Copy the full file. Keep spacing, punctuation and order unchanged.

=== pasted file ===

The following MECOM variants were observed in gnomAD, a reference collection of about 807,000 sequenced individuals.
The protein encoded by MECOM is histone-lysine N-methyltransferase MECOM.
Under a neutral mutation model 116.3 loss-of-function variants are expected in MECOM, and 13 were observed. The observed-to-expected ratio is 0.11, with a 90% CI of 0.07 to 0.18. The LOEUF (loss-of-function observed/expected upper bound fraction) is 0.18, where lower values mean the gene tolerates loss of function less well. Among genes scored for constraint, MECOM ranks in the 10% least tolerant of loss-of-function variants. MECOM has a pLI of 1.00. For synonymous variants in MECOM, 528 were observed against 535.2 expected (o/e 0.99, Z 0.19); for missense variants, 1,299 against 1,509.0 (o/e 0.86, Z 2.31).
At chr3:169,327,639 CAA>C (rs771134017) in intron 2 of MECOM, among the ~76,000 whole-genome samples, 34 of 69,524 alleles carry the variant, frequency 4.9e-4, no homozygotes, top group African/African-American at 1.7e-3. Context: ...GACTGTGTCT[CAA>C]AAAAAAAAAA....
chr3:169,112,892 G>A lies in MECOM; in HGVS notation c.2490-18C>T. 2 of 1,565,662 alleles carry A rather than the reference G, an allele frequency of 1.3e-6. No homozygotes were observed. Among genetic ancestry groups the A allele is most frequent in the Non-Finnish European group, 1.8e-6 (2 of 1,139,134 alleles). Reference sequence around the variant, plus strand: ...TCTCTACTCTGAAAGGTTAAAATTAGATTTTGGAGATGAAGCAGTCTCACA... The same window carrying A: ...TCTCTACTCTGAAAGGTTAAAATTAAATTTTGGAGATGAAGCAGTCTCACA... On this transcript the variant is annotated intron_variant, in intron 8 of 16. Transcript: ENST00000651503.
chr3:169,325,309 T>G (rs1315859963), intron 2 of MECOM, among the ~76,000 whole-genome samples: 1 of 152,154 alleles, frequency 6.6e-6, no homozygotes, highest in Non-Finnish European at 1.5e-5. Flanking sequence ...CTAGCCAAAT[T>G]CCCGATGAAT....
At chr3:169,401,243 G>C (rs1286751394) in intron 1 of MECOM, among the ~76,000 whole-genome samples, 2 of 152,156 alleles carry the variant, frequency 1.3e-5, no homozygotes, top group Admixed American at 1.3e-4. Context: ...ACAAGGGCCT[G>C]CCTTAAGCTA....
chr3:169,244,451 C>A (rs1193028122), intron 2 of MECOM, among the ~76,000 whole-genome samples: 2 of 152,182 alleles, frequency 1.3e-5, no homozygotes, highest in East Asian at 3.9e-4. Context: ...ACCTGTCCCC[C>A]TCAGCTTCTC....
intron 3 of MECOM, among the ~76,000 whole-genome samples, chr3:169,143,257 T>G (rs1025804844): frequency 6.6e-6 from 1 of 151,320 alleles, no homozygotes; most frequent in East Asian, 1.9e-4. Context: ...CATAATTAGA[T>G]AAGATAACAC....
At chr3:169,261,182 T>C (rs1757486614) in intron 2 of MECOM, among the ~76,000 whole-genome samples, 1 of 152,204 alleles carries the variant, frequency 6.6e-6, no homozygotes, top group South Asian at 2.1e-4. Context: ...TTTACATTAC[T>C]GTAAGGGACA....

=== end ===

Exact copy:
The following MECOM variants were observed in gnomAD, a reference collection of about 807,000 sequenced individuals.
The protein encoded by MECOM is histone-lysine N-methyltransferase MECOM.
Under a neutral mutation model 116.3 loss-of-function variants are expected in MECOM, and 13 were observed. The observed-to-expected ratio is 0.11, with a 90% CI of 0.07 to 0.18. The LOEUF (loss-of-function observed/expected upper bound fraction) is 0.18, where lower values mean the gene tolerates loss of function less well. Among genes scored for constraint, MECOM ranks in the 10% least tolerant of loss-of-function variants. MECOM has a pLI of 1.00. For synonymous variants in MECOM, 528 were observed against 535.2 expected (o/e 0.99, Z 0.19); for missense variants, 1,299 against 1,509.0 (o/e 0.86, Z 2.31).
At chr3:169,327,639 CAA>C (rs771134017) in intron 2 of MECOM, among the ~76,000 whole-genome samples, 34 of 69,524 alleles carry the variant, frequency 4.9e-4, no homozygotes, top group African/African-American at 1.7e-3. Context: ...GACTGTGTCT[CAA>C]AAAAAAAAAA....
chr3:169,112,892 G>A lies in MECOM; in HGVS notation c.2490-18C>T. 2 of 1,565,662 alleles carry A rather than the reference G, an allele frequency of 1.3e-6. No homozygotes were observed. Among genetic ancestry groups the A allele is most frequent in the Non-Finnish European group, 1.8e-6 (2 of 1,139,134 alleles). Reference sequence around the variant, plus strand: ...TCTCTACTCTGAAAGGTTAAAATTAGATTTTGGAGATGAAGCAGTCTCACA... The same window carrying A: ...TCTCTACTCTGAAAGGTTAAAATTAAATTTTGGAGATGAAGCAGTCTCACA... On this transcript the variant is annotated intron_variant, in intron 8 of 16. Transcript: ENST00000651503.
chr3:169,325,309 T>G (rs1315859963), intron 2 of MECOM, among the ~76,000 whole-genome samples: 1 of 152,154 alleles, frequency 6.6e-6, no homozygotes, highest in Non-Finnish European at 1.5e-5. Flanking sequence ...CTAGCCAAAT[T>G]CCCGATGAAT....
At chr3:169,401,243 G>C (rs1286751394) in intron 1 of MECOM, among the ~76,000 whole-genome samples, 2 of 152,156 alleles carry the variant, frequency 1.3e-5, no homozygotes, top group Admixed American at 1.3e-4. Context: ...ACAAGGGCCT[G>C]CCTTAAGCTA....
chr3:169,244,451 C>A (rs1193028122), intron 2 of MECOM, among the ~76,000 whole-genome samples: 2 of 152,182 alleles, frequency 1.3e-5, no homozygotes, highest in East Asian at 3.9e-4. Context: ...ACCTGTCCCC[C>A]TCAGCTTCTC....
intron 3 of MECOM, among the ~76,000 whole-genome samples, chr3:169,143,257 T>G (rs1025804844): frequency 6.6e-6 from 1 of 151,320 alleles, no homozygotes; most frequent in East Asian, 1.9e-4. Context: ...CATAATTAGA[T>G]AAGATAACAC....
At chr3:169,261,182 T>C (rs1757486614) in intron 2 of MECOM, among the ~76,000 whole-genome samples, 1 of 152,204 alleles carries the variant, frequency 6.6e-6, no homozygotes, top group South Asian at 2.1e-4. Context: ...TTTACATTAC[T>C]GTAAGGGACA....